Sony and Microsoft now have their next generation consoles out in the market and they have gathered a lot of attention in the early few weeks, selling out on almost every online store with dates being pushed back to February.
In the lead up to the launch, the PS4 was the clear winner when it came to PR. Everything Sony said and did seems to work, while Microsoft crumbled under the hate of millions who disliked the Kinect and found the focus on entertainment against the gaming culture.
The PS4 was designed from the ground up to be this brilliant gaming machine – to be the hub for gamers. We take a look inside the PS4 to see if it is all Sony has hyped it up to be, or if it falls short of the expectations many gamers had on the console.
The PS4 shines far in front of the Xbox One when it comes to the design, Sony has always been a master company when it comes to making their products look and feel good. Some have commented on the PS4 looking a little too bland, but Sony has developed this console to fit right in-between your TV box, DVD player and whatever else you have under the TV.
It is pretty impressive how slim the design is compared to the Xbox One. Sony has opted for a piano black, with both a matte and glossy finish. The two edges create a rhombus design that may not look so great for USB performance, but certainly makes it stand out a little more than the ugly, large Xbox One.
On the controller side, the dual shock had a lot of ground to make up for, since the Xbox 360 controller had far surpassed the PS3 in capabilities and design. Sony has redesigned the dual shock, taking performance, button placement and design into account to really make a brilliant controller.
While there will be endless bickering on what the better controller is, for games, scrolling and general usage, the PS4 controller is a delightful companion.
Sony has said the PS4 is the ultimate gaming console for any gamer – whether they are coming from the previous generation consoles or on a PC. The PS4 has been built to run games and to make incredible experiences.
Instead of opting for a crazy Cell processor, Sony has went all normal with a standard PC build. This includes an 8-core AMD processor, 8GB of GDDR5 RAM, AMD Radeon GPU and a 500GB hard-drive.
For the average game, this is more than enough power to run at 1080p 60fps, but PS4 is not about the cheap old generation games – it is about new experiences, taking gaming to the next level, and we are already seeing small drops in performance.
That being said, out of the two consoles the PS4 seems to be able to perform to a higher-standard. The PS4 is capable of running on native 1080p with no upscaling and has been able to achieve 60fps on all games so far.
Consoles seem to be more resilient to change, if we look at the PS3 and Xbox 360, at this stage in their life they are able to show some pretty impressive visuals compared to what they did 8 years ago.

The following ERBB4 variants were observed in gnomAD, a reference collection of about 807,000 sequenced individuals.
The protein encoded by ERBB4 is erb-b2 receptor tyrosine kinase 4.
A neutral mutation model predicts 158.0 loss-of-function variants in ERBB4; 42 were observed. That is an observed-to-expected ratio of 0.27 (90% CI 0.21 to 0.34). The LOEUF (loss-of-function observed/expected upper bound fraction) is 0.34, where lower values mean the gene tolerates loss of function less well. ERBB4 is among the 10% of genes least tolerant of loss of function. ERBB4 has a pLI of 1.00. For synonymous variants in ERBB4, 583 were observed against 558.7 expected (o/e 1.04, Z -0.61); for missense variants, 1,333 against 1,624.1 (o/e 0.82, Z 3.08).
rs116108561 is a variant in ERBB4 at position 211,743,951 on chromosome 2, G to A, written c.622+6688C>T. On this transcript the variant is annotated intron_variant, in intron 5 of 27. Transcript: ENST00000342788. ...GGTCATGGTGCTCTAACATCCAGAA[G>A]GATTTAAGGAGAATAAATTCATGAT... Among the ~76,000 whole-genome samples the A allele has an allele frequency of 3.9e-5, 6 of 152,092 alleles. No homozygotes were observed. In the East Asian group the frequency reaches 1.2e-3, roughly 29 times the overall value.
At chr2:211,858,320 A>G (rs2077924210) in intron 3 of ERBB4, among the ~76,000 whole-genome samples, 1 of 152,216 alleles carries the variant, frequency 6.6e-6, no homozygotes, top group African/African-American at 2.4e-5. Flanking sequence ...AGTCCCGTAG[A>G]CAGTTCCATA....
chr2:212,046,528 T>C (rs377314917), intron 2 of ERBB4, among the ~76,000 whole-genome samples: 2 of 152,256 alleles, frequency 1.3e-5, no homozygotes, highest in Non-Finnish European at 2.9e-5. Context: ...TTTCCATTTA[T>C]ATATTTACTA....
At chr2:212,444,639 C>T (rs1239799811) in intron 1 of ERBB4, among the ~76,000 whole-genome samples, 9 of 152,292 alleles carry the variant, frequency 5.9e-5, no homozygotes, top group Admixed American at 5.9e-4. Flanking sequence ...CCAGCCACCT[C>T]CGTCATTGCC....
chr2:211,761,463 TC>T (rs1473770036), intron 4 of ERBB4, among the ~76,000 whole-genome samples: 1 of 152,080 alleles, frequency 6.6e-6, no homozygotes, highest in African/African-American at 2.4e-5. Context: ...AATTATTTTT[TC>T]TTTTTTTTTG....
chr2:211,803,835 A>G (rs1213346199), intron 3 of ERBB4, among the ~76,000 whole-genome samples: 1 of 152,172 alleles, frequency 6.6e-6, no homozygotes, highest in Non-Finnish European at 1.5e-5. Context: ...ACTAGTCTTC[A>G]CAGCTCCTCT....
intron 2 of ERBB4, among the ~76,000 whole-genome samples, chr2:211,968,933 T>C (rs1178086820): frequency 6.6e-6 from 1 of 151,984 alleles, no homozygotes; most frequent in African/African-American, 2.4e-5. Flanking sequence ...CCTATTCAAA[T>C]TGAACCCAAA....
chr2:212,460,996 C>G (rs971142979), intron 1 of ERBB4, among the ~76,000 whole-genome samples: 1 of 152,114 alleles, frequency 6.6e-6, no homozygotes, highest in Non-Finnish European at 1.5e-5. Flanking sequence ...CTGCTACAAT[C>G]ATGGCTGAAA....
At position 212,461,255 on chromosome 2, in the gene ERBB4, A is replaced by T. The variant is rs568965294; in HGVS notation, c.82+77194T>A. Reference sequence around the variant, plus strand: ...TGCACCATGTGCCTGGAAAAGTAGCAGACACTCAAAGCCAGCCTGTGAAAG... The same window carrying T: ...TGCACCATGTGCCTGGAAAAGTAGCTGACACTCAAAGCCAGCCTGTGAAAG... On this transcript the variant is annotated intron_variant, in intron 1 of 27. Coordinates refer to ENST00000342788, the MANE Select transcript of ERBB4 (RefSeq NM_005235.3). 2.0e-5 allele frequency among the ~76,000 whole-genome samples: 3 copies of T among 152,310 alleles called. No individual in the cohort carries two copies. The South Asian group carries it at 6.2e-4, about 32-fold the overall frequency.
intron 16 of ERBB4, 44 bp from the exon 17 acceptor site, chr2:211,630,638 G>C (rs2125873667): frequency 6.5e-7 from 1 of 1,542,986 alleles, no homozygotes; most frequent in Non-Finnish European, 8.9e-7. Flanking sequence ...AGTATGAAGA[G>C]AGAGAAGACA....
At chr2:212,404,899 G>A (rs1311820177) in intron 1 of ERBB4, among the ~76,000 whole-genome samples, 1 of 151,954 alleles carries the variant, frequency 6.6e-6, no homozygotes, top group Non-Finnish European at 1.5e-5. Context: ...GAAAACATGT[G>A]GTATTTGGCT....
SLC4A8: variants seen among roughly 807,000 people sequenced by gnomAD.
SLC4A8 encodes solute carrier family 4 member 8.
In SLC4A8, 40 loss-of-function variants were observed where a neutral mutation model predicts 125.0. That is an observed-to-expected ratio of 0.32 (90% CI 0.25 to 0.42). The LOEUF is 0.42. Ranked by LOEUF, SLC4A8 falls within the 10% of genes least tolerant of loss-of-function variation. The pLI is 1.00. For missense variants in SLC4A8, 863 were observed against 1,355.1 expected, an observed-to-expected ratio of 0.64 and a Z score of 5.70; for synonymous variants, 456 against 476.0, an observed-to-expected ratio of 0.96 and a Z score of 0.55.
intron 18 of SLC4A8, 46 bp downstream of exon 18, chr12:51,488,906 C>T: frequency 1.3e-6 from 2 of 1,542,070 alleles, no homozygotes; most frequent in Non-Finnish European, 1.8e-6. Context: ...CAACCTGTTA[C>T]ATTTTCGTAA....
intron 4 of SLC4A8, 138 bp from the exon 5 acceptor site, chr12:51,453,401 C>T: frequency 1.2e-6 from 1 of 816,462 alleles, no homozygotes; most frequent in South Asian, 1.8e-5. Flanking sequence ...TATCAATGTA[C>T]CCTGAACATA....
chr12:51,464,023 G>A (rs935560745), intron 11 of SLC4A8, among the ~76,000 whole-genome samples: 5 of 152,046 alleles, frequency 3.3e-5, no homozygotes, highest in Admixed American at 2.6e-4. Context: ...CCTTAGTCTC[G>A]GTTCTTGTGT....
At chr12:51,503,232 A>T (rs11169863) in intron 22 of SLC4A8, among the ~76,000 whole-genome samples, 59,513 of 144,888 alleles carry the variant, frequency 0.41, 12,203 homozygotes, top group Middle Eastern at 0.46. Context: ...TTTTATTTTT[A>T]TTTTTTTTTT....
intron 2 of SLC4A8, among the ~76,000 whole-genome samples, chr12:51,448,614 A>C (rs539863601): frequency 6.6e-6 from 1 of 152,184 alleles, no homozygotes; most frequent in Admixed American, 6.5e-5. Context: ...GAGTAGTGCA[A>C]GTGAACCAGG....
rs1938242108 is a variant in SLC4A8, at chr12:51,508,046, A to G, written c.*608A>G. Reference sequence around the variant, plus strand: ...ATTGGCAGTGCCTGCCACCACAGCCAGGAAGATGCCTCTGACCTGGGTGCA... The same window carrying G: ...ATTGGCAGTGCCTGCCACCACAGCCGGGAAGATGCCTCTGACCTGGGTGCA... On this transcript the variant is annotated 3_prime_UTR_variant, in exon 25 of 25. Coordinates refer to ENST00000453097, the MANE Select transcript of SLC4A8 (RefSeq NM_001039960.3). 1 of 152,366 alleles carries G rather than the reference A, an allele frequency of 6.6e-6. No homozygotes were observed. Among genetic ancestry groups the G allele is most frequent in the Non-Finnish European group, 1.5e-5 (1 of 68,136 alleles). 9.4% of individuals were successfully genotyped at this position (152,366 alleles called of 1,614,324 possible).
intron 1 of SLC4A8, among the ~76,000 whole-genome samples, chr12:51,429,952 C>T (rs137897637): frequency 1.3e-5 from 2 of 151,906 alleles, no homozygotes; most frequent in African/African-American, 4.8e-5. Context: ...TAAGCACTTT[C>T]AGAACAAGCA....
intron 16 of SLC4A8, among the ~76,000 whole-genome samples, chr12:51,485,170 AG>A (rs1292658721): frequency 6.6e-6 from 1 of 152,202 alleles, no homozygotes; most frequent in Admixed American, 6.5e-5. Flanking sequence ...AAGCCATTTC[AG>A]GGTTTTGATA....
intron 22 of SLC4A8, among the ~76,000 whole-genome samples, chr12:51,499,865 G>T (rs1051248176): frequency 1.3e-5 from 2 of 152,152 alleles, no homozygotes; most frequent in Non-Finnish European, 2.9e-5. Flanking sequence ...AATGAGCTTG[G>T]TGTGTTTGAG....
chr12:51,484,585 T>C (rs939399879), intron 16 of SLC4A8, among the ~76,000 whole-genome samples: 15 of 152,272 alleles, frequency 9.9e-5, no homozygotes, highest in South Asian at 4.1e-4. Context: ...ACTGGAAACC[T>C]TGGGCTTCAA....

This is a marriage of developer’s interest in making the games the best and the actual console manufacturers working hard to keep the system up to date with the latest breakthrough tech.
The PS4 has a rather weak starting line, with almost all reviewers saying the retro shooter Resogun is the best on offer. Killzone: Shadow Fall and Knack have fallen short of expectations not because the visual design, but because they are boring and repetitive attempts at the same genre.
Buying the console now may not be the wisest move if you want a ton of content to play for hours and hours on end. Call of Duty Ghosts and Battlefield 4 are nice additions to the next generation community but can be played on the PC and the last generation consoles.
The future is what you are really buying – Destiny, Tom Clancy: The Division, Watch Dogs and other big titles are set to shape the next generation landscape and these will be the games for the PS4.
The one place Sony has always lagged behind in is software, where Microsoft takes the dominant stand, being a software company. The PS4 is no exception, we find the Xbox One to have a better and cleaner user experience, but Sony has figured out a lot in the past eight years on how to make the software and user interface better.
Sony still has the seemingly endless amount of menus and in some places the experience is clunky and not polished. There is an integrated friends platform showing all recent updates and good features, but the experience needs to be polished.
At the end of the day the PS4 was never going to be perfect – the vision of a perfect land for gamers is too expensive and too time consuming to ever be a reality, even for the PC like many will tell you again and again until the end of time.
There is a huge amount of promise on the PS4, it has the capabilities to run 4K video, it has the games coming that will change this generation and Sony can start meddling with entertainment and software at a later stage, refining and polishing what is old and adding some things new.